St. Augustine, Bishop of Hippo remains one of the most influential authors of church doctrine and the continued transmission and relevance of his texts for almost 1600 years serve as witness to his broad influence. Though he authored many works, he is most well known for his biographical Confessions and his master work The City of God.
Augustine recounted the story of his restless youth in The Confessions. The product of a pagan father and Christian mother, Augustine was not baptized in infancy. As a 19-year-old student in Carthage, he read a treatise of Cicero that directed him to philosophy. At age 28, he traveled to Rome and then on to Milan where he met with Bishop Ambrose. Under the tutelage of Ambrose, Augustine converted to Christianity in 386 and was baptized by Ambrose in 387.
Augustine then returned to Africa and was ordained as a priest in 391. He ascended to the bishopric of Hippo in 396. There he served as pastor, teacher, preacher, and civil judge.
He maintained the importance of a single, unified church and developed a theory of sin, grace, and predestination that not only became basic to the doctrines of the Roman Catholic Church, but later was also used as the justification for the tenets of Calvin, Luther, and the Jansenists.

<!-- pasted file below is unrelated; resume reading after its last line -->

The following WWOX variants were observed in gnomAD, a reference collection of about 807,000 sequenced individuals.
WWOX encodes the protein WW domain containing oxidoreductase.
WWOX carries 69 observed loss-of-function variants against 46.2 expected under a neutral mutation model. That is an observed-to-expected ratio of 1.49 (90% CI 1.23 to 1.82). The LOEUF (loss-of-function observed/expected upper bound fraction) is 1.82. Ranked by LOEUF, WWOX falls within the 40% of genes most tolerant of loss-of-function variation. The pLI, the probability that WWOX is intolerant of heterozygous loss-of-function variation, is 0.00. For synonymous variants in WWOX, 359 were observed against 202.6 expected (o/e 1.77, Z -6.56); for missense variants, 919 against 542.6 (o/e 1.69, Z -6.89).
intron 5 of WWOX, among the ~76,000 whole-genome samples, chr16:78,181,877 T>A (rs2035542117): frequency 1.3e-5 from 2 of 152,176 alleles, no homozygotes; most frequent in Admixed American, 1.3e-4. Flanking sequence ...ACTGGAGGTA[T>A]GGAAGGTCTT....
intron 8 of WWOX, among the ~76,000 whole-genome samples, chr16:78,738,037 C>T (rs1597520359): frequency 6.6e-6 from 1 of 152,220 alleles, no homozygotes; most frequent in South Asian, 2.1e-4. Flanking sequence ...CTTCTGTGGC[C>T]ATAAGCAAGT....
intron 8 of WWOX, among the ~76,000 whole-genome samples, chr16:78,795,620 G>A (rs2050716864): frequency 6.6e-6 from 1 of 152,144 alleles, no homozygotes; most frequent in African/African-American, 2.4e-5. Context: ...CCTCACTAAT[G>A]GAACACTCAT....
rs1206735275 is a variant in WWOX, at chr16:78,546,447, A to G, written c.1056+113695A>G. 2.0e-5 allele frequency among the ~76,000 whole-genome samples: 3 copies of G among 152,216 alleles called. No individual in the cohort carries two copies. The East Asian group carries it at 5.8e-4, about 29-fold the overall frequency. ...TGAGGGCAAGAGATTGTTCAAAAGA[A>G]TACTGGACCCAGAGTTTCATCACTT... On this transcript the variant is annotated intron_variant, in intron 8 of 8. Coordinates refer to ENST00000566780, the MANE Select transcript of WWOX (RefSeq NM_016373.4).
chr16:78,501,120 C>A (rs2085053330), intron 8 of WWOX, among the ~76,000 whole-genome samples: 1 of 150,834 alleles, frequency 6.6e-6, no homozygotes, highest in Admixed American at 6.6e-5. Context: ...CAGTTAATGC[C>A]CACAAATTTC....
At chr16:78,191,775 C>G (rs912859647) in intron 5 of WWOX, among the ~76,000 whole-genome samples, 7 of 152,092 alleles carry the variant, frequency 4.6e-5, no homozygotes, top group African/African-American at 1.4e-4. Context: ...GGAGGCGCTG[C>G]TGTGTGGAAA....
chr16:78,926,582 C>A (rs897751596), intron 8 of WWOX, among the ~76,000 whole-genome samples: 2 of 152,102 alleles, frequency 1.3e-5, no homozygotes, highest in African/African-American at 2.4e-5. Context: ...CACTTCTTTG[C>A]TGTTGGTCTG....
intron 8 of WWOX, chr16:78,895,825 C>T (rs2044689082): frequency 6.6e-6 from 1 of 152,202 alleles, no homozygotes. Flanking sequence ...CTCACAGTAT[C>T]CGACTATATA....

Church historian John C. Cavadini writes the following about Augustine's Confessions:
In their psychological realism amounting almost to a phenomonology of subjectivity, they are a foundation stone for Western culture. Yet in their moving evocation of the absolute freedom and benevolence of God's grace, working through but ultimately independent from every cultural form and historical person, they present that grace to each generation as a kind of question mark, challenging all particular cultural forms and projects to resist the idolatry of self-deification. As such, the last word of Augustine's influence has yet to be spoken.